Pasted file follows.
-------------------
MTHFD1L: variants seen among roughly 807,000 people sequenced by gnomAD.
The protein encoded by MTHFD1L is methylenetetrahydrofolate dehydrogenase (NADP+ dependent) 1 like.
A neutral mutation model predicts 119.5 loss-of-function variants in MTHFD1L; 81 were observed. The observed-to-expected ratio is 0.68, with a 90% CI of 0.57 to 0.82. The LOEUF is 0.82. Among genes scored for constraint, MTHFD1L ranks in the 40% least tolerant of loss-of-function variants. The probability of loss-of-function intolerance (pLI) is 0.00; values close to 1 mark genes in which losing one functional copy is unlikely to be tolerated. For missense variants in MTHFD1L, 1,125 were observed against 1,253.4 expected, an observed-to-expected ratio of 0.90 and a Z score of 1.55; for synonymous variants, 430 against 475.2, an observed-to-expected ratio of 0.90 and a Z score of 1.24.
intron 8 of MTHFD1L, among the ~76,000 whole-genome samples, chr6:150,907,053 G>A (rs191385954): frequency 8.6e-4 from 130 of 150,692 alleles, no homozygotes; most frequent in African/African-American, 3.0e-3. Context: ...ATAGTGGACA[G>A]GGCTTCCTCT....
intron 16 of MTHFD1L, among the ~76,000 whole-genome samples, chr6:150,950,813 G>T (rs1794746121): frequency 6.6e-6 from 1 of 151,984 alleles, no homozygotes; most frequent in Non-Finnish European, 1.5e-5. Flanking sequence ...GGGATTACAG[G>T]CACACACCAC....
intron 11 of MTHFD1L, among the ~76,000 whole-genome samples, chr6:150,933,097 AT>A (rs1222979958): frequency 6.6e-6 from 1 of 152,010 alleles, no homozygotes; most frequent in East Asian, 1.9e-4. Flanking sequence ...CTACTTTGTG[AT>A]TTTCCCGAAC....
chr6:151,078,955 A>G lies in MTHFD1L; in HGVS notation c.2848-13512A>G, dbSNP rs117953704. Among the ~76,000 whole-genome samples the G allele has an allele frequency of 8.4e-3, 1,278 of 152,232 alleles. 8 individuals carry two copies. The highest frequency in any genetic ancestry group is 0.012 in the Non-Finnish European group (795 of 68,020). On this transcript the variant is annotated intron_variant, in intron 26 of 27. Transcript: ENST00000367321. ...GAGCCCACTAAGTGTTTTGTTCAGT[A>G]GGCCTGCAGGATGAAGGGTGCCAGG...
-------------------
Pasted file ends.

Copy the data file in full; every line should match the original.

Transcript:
MTHFD1L: variants seen among roughly 807,000 people sequenced by gnomAD.
The protein encoded by MTHFD1L is methylenetetrahydrofolate dehydrogenase (NADP+ dependent) 1 like.
A neutral mutation model predicts 119.5 loss-of-function variants in MTHFD1L; 81 were observed. The observed-to-expected ratio is 0.68, with a 90% CI of 0.57 to 0.82. The LOEUF is 0.82. Among genes scored for constraint, MTHFD1L ranks in the 40% least tolerant of loss-of-function variants. The probability of loss-of-function intolerance (pLI) is 0.00; values close to 1 mark genes in which losing one functional copy is unlikely to be tolerated. For missense variants in MTHFD1L, 1,125 were observed against 1,253.4 expected, an observed-to-expected ratio of 0.90 and a Z score of 1.55; for synonymous variants, 430 against 475.2, an observed-to-expected ratio of 0.90 and a Z score of 1.24.
intron 8 of MTHFD1L, among the ~76,000 whole-genome samples, chr6:150,907,053 G>A (rs191385954): frequency 8.6e-4 from 130 of 150,692 alleles, no homozygotes; most frequent in African/African-American, 3.0e-3. Context: ...ATAGTGGACA[G>A]GGCTTCCTCT....
intron 16 of MTHFD1L, among the ~76,000 whole-genome samples, chr6:150,950,813 G>T (rs1794746121): frequency 6.6e-6 from 1 of 151,984 alleles, no homozygotes; most frequent in Non-Finnish European, 1.5e-5. Flanking sequence ...GGGATTACAG[G>T]CACACACCAC....
intron 11 of MTHFD1L, among the ~76,000 whole-genome samples, chr6:150,933,097 AT>A (rs1222979958): frequency 6.6e-6 from 1 of 152,010 alleles, no homozygotes; most frequent in East Asian, 1.9e-4. Flanking sequence ...CTACTTTGTG[AT>A]TTTCCCGAAC....
chr6:151,078,955 A>G lies in MTHFD1L; in HGVS notation c.2848-13512A>G, dbSNP rs117953704. Among the ~76,000 whole-genome samples the G allele has an allele frequency of 8.4e-3, 1,278 of 152,232 alleles. 8 individuals carry two copies. The highest frequency in any genetic ancestry group is 0.012 in the Non-Finnish European group (795 of 68,020). On this transcript the variant is annotated intron_variant, in intron 26 of 27. Transcript: ENST00000367321. ...GAGCCCACTAAGTGTTTTGTTCAGT[A>G]GGCCTGCAGGATGAAGGGTGCCAGG...